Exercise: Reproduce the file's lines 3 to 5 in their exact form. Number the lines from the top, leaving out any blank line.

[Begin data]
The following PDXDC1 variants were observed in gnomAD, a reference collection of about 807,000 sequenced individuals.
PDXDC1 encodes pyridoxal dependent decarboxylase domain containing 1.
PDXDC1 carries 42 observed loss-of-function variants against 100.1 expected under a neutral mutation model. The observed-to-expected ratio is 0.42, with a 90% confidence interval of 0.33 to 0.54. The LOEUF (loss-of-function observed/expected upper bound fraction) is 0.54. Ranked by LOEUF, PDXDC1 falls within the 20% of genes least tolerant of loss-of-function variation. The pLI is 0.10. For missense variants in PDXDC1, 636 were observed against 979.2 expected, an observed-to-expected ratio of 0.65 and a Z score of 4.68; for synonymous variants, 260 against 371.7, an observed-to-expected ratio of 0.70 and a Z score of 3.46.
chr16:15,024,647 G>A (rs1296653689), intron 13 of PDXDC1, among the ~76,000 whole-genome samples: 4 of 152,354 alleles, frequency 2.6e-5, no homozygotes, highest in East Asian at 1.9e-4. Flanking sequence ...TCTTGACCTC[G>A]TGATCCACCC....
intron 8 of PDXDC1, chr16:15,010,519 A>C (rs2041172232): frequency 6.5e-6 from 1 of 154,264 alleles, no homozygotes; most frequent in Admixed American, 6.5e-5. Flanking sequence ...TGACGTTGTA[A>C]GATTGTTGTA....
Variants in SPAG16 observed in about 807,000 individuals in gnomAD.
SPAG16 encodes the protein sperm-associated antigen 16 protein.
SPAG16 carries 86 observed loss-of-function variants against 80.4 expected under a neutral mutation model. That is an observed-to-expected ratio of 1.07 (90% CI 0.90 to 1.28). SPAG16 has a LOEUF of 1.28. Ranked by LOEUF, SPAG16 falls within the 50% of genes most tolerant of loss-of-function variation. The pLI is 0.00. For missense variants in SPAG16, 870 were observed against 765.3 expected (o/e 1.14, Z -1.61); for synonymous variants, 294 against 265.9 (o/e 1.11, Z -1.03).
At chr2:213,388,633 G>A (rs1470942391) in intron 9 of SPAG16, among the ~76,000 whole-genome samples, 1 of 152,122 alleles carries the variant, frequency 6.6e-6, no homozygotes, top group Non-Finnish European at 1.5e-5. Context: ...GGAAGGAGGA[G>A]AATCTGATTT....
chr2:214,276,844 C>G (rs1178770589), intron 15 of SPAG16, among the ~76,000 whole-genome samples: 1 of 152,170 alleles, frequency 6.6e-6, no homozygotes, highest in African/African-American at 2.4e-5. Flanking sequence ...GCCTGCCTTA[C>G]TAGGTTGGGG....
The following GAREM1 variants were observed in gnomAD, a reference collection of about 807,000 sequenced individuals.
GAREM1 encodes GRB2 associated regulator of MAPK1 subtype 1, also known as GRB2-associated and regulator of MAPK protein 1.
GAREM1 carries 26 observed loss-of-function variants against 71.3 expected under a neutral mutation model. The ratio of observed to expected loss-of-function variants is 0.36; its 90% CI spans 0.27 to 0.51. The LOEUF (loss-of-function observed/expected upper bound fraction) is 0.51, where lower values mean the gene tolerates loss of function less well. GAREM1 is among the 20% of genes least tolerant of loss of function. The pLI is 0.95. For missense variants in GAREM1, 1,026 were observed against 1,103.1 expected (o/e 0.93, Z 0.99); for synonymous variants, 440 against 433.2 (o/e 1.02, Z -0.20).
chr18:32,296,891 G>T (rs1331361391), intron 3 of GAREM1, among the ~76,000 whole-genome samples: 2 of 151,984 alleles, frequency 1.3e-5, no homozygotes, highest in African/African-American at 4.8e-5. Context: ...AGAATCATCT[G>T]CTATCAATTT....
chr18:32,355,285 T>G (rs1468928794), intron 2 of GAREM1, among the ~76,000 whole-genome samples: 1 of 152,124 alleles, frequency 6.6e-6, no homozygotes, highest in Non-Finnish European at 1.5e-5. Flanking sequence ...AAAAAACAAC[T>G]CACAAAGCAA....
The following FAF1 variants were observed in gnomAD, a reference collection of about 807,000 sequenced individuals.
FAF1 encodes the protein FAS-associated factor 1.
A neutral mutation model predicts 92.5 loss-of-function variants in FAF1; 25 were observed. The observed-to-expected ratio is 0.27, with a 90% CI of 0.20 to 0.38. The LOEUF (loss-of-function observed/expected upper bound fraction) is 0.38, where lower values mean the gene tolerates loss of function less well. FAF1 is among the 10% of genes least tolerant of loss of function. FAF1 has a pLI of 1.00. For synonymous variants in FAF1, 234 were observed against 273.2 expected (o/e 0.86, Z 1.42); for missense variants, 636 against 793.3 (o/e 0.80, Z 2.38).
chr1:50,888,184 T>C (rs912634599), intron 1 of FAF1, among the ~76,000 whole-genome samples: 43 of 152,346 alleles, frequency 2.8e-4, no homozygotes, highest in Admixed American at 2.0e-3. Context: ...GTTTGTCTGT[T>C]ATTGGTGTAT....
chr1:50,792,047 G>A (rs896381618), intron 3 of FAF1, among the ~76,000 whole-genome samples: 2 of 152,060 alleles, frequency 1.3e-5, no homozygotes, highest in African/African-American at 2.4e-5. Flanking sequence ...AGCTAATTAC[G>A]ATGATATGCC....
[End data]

PDXDC1 carries 42 observed loss-of-function variants against 100.1 expected under a neutral mutation model. The observed-to-expected ratio is 0.42, with a 90% confidence interval of 0.33 to 0.54. The LOEUF (loss-of-function observed/expected upper bound fraction) is 0.54. Ranked by LOEUF, PDXDC1 falls within the 20% of genes least tolerant of loss-of-function variation. The pLI is 0.10. For missense variants in PDXDC1, 636 were observed against 979.2 expected, an observed-to-expected ratio of 0.65 and a Z score of 4.68; for synonymous variants, 260 against 371.7, an observed-to-expected ratio of 0.70 and a Z score of 3.46.
chr16:15,024,647 G>A (rs1296653689), intron 13 of PDXDC1, among the ~76,000 whole-genome samples: 4 of 152,354 alleles, frequency 2.6e-5, no homozygotes, highest in East Asian at 1.9e-4. Flanking sequence ...TCTTGACCTC[G>A]TGATCCACCC....
intron 8 of PDXDC1, chr16:15,010,519 A>C (rs2041172232): frequency 6.5e-6 from 1 of 154,264 alleles, no homozygotes; most frequent in Admixed American, 6.5e-5. Flanking sequence ...TGACGTTGTA[A>C]GATTGTTGTA....